I swam it like this:

2000 straight
500 breast/back (alt by 100), 500 pull, 500 swim
2000 straight
500 kick, 500 pull, 500 swim
2000 ladders (4 x 200, 150, 100, 50)
500 breast/back (alt by 100), 500 pull, 500 swim
2000 ladders (4 x 200, 150, 100, 50)
500 kick, 500 pull, 500 swim
500 breast/back (alt by 100)

The nine mile swim is the longest distance I plan to do. I will keep swimming shorter daily distances, maybe put in five miles or so this coming weekend, but nothing longer. The swim was tiring, but it was completely doable. I sang this for most of the way:

It’s three weeks to the race. I’m ready.


On Swimming with the Team, Part 1

I swim unattached. That’s not a description of my state of dress or marital status or relationship to the universe; it means that I am a member of US Masters Swimming, but I am not affiliated with a team. Maybe someday I will join one of the fine Masters teams in the area, but I’m not at the point in my life when I can commit to a team, not while I’m working full-time and responsible for getting a child (sometimes two) to school in the morning.

It’s easier swimming on my own. During the school year, I swim at my university pool at lunchtime, and I just walk across campus, waving at everyone I know on the way, and get in the water.

But while I like swimming on my own, it is not the same kind of experience as swimming with a team, the way I did as a child. Happily, every summer I get to relive my childhood by swimming with other adults, mostly swim team parents, at the outdoor pool before the kids have morning practice Monday, Wednesday, and Friday.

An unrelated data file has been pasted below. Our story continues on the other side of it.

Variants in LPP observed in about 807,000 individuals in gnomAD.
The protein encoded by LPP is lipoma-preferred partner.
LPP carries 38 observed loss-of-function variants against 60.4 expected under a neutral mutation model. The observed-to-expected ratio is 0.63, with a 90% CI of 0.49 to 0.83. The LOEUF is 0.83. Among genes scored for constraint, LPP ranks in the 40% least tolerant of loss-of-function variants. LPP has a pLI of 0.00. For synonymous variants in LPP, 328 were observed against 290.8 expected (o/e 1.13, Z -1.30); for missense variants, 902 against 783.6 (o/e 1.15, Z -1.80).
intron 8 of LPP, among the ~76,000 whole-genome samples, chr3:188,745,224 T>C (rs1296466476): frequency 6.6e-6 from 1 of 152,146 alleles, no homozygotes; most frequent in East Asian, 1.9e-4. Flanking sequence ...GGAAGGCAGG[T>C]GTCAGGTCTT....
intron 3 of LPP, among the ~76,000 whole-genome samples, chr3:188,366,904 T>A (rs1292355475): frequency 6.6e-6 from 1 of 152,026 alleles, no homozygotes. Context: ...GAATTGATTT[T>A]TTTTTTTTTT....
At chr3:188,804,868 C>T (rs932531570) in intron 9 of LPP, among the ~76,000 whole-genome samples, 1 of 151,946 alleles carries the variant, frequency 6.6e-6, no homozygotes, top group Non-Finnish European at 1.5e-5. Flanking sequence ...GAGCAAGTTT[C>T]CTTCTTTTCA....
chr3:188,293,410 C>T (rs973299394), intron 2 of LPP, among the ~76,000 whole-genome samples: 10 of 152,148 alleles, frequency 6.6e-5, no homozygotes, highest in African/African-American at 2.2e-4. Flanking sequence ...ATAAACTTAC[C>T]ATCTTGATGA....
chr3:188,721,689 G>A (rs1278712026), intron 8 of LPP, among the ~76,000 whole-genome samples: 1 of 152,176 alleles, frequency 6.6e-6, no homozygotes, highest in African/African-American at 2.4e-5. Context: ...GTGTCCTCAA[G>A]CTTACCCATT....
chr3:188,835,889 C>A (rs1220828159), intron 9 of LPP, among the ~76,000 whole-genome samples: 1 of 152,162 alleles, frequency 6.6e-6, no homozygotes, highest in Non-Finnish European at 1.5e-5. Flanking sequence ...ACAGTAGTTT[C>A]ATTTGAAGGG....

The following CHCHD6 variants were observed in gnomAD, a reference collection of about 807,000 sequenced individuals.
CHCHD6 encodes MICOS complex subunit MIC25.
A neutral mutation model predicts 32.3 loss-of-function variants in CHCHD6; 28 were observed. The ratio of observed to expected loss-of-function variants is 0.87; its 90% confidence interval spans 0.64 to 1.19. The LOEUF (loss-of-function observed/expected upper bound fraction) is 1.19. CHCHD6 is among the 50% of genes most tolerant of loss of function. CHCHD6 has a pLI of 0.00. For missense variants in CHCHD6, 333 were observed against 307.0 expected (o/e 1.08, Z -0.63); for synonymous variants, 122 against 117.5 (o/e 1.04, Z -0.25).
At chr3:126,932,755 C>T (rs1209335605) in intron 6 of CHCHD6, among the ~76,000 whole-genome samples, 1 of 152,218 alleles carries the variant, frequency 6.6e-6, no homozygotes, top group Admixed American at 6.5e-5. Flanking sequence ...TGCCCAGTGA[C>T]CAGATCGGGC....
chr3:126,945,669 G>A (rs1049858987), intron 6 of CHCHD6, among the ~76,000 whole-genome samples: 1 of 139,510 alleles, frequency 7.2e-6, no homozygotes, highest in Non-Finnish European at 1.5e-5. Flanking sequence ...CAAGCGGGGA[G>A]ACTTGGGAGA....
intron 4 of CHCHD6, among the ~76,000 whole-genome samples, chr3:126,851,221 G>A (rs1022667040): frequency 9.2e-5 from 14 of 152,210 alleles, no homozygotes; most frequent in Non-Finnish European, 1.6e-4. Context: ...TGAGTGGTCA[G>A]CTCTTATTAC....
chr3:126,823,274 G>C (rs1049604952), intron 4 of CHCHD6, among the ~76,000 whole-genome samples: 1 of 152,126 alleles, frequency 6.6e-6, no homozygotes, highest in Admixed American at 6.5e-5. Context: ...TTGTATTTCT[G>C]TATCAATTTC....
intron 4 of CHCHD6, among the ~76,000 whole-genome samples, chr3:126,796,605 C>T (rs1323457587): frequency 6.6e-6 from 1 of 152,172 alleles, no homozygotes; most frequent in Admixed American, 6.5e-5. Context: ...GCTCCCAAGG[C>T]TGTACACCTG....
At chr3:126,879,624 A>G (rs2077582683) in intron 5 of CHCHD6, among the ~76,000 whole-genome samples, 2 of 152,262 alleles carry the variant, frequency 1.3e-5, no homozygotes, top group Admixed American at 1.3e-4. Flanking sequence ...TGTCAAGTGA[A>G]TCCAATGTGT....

The workout does not vary:

Monday: 8 x 250 meters (known as ladders, or Ladders of Death for the melodramatic), each 250 broken into 100, 75, 50, 25 with 5 seconds rest between

Wednesday: 10 x 200 meters (known as broken 2s), each 200 broken into 100, 50, 50 with 10 seconds rest after the 100 and 5 seconds rest after the first 50

Friday: Medley: 3 x ladders, 3 x broken 2s, 13 x 50m

It’s 2000 meters. It’s always 2000 meters, and it’s almost always these workouts — the only permissible variation is 40 x 50 meters on a Friday or special occasion. You can show up and swim whatever you like; some people come and swim something else entirely. But if you swim with the group, this is what the group swims.

It’s simple, and it’s rhythmic, and I fall into it every summer.

I swim faster when I’m swimming on summer mornings. It feels like swim team practice, and swim team practice always meant racing: racing each other length after length. While in swim meets we competed girls against girls and boys against boys, during practice we all swam together, and I was conditioned never to let the boys beat me without a race. Most summer mornings it’s me and two or three men doing the set workout. I will swim until my arms fall off.

One morning before we started practice, a man who hadn’t met me before asked if I could “keep up with these guys,” and on slow days I draw on the memory of my incandescent rage. I work the flip turns, and I keep my head down, and I swim so much harder.

This year with the ten mile swim fast approaching, I’ve been coming in early for 1600 meters or so before the rest of the group starts. I was concerned that I’d be tired and the guys would flatten me, but it seems to work all right: a quiet mile warm-up and I’m ready to go when they arrive. Apparently I swim better on more swimming.